Both sides praise gambling oversight committee's work, but differences remain
CONCORD — New Hampshire would be joining the major leagues of casino gambling if it approves a House bill allowing one high-end destination casino, opponents and supporters said Thursday.
Gambling foes and proponents at a packed legislative hearing on House Bill 1633 praised the work of the Gaming Regulatory Oversight Authority in establishing a regulatory structure and framework that would govern a new casino as well as all other gaming in the state, including the Lottery, charitable gaming and horse and dog racing.
But that was where the agreement ended.
“My company does not want a broad-based tax, a broad-based income or sales tax,” said Jay DelMonte, president and co-owner of the Shorty’s restaurant chain. “If it’s gaming you’re looking at for revenue, I’m all for it.”
“Casino gambling is the crack cocaine or heroin of revenue for legislatures,” said Steve Duprey, current Republican National Committeeman and spokesman for Casino Free NH and the NH Coalition Against Expanded Gambling. “It is a bad revenue source.”
Gov. Maggie Hassan supports the bill, saying in a letter the work of the gaming authority addresses the concerns raised last session when the House defeated Senate Bill 152. The Senate Thursday approved Senate Bill 366, which would allow two casinos, but held onto it to see what the House does with HB 1633.
Three members of the gaming regulatory authority are the main sponsors of HB 1633. The bill’s prime sponsor and authority chair, Rep. Richard Ames, D-Jaffrey, said it would allow someone to build a casino, but “doesn’t mandate a thing.”
The bill requires at least a $450 million investment, he noted, and the operator to reinvest 3.5 percent of revenue into the facility.
The one member of the authority who opposed the bill and final report, Attorney General Joseph Foster, acknowledged the authority “did a great job with the regulatory structure. If this is passed and is fully funded, it will give New Hampshire a shot at keeping organized crime and political corruption out of New Hampshire.”
But he said it will come as it has in every other state where casino gambling has been allowed. Right now a study places New Hampshire number 49 of states with political corruption, he noted.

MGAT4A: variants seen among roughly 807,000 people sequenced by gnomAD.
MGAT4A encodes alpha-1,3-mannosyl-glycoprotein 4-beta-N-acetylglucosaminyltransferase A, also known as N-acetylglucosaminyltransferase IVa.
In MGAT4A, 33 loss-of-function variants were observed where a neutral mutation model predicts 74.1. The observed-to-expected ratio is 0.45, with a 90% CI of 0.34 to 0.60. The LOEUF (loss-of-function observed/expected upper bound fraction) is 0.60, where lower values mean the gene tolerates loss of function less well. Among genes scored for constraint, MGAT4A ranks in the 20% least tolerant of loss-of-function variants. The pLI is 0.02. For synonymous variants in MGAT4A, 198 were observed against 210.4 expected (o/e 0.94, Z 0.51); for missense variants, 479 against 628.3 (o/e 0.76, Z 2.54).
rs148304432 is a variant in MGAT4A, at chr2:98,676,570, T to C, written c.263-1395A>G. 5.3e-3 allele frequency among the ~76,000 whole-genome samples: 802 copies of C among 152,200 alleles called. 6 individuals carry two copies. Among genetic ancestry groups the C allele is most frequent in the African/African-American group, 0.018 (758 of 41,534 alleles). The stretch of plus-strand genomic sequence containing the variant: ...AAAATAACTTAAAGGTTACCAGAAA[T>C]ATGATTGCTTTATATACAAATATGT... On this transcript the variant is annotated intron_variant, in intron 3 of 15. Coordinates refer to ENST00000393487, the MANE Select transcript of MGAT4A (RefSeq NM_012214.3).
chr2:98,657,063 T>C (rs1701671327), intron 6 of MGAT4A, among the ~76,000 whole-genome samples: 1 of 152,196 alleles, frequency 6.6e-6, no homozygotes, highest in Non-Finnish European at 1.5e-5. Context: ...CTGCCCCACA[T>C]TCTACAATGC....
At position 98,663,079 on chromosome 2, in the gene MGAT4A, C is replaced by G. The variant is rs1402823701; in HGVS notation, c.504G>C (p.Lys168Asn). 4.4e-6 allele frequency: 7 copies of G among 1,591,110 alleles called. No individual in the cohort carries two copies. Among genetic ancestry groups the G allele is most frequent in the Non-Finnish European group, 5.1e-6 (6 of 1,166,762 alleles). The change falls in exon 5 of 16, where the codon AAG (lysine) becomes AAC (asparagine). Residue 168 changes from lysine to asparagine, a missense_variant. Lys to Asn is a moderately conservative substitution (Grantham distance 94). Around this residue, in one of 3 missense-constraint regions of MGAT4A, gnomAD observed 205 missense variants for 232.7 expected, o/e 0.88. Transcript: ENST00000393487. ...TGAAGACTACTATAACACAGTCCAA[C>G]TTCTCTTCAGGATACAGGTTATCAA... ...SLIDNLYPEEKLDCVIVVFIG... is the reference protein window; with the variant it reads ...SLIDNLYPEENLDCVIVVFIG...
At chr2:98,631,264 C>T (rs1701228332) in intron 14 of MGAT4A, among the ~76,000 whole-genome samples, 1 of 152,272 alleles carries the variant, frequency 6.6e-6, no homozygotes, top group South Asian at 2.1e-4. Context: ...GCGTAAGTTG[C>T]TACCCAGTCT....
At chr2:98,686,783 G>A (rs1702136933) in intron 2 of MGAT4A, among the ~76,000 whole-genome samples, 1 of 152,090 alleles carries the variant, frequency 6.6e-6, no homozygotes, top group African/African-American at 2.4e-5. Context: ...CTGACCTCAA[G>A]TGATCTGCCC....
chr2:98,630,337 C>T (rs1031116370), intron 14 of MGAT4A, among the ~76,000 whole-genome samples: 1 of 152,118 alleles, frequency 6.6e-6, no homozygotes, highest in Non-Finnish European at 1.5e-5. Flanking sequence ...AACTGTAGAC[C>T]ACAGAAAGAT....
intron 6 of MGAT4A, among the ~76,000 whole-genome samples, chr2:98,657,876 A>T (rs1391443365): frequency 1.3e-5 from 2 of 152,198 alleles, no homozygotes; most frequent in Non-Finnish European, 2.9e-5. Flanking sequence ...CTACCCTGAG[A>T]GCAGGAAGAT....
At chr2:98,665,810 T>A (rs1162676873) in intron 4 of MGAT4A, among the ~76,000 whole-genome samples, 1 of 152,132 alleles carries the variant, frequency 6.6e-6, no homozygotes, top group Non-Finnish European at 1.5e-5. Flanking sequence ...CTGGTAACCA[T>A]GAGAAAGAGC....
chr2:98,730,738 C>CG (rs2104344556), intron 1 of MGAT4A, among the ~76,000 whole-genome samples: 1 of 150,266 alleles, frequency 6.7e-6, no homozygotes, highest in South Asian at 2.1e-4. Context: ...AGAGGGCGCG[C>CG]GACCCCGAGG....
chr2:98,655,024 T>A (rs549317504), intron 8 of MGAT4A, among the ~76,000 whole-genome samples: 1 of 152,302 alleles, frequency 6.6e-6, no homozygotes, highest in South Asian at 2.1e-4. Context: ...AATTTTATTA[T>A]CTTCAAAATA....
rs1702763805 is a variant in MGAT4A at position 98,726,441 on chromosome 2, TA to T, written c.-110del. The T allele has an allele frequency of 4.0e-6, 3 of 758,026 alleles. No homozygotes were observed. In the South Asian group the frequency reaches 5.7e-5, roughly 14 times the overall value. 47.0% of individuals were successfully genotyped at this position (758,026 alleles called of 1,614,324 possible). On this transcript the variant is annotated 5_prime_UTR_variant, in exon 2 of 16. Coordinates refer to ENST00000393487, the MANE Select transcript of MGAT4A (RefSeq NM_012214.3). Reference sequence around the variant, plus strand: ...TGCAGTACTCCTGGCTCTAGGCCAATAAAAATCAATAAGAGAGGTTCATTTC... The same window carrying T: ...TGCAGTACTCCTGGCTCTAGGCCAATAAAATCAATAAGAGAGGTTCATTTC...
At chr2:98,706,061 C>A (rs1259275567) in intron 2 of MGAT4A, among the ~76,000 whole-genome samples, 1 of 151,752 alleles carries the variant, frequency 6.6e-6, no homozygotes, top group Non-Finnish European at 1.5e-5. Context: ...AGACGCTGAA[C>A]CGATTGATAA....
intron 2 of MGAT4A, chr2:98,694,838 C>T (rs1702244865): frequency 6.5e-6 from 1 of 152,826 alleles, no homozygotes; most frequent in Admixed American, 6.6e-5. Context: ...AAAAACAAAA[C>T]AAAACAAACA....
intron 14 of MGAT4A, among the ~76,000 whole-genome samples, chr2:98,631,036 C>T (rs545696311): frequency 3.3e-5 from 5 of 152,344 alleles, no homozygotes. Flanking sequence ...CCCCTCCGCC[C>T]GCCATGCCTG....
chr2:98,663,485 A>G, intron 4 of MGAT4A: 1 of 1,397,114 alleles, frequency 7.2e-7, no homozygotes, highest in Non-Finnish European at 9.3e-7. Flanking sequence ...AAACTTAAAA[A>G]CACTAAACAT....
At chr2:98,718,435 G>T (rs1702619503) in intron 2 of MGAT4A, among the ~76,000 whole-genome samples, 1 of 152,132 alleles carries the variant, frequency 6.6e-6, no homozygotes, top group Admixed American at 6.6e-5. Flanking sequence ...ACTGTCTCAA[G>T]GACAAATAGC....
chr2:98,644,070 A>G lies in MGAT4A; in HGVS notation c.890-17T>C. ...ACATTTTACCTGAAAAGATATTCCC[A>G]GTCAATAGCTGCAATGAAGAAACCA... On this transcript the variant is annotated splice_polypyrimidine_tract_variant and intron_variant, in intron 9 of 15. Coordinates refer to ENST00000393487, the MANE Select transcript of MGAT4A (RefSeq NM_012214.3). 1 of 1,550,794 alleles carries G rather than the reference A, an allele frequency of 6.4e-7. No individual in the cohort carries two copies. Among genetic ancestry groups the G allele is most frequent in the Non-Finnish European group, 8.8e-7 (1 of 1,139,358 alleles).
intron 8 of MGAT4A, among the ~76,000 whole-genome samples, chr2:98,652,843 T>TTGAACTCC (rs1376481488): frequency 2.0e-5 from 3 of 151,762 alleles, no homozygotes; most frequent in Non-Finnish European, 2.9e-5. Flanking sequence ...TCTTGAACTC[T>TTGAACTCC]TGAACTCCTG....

“The gaming we have in New Hampshire now is the minor leagues — maybe even the little leagues – compared to what we have in this bill,” Foster told the House Ways and Means Committee.
Others were concerned a casino’s advertising campaign could dwarf all the good work the state has done to build its family-friendly brand.
“Please don’t vote to destroy an iconic brand. This is a special state,” Duprey said. “This is a bad choice for New Hampshire.”
But long-time New Hampshire advertising mogul Patrick Griffin disagreed. New Hampshire is known for its White Mountains, lakes and fall foliage and for the first-in-the nation presidential primary, he said.
“So as someone who has practiced the art of branding for a very long time, there is no doubt in my mind that our brand won’t change — it simply can’t be changed,” Griffin said. “It’s too well-known, too admired and our guests are far too diverse in what they seek.”
At Thursday’s public hearing, several changes were proposed to the bill, including one to limit a casino’s entertainment center to 1,500 seats or less and to hold charities harmless that benefit from legal charitable gambling.
“There is no competition when it comes to going up against a casino,” said Verizon Wireless Arena Regional General Manager Tim Bechert. Lynn Kilchenstein, a board member for the Capitol Center for the Arts in Concord, said local cultural facilities cannot compete against the deep pockets of casinos.
The Ways and Means Committee will hold work sessions on the bill over the next two weeks.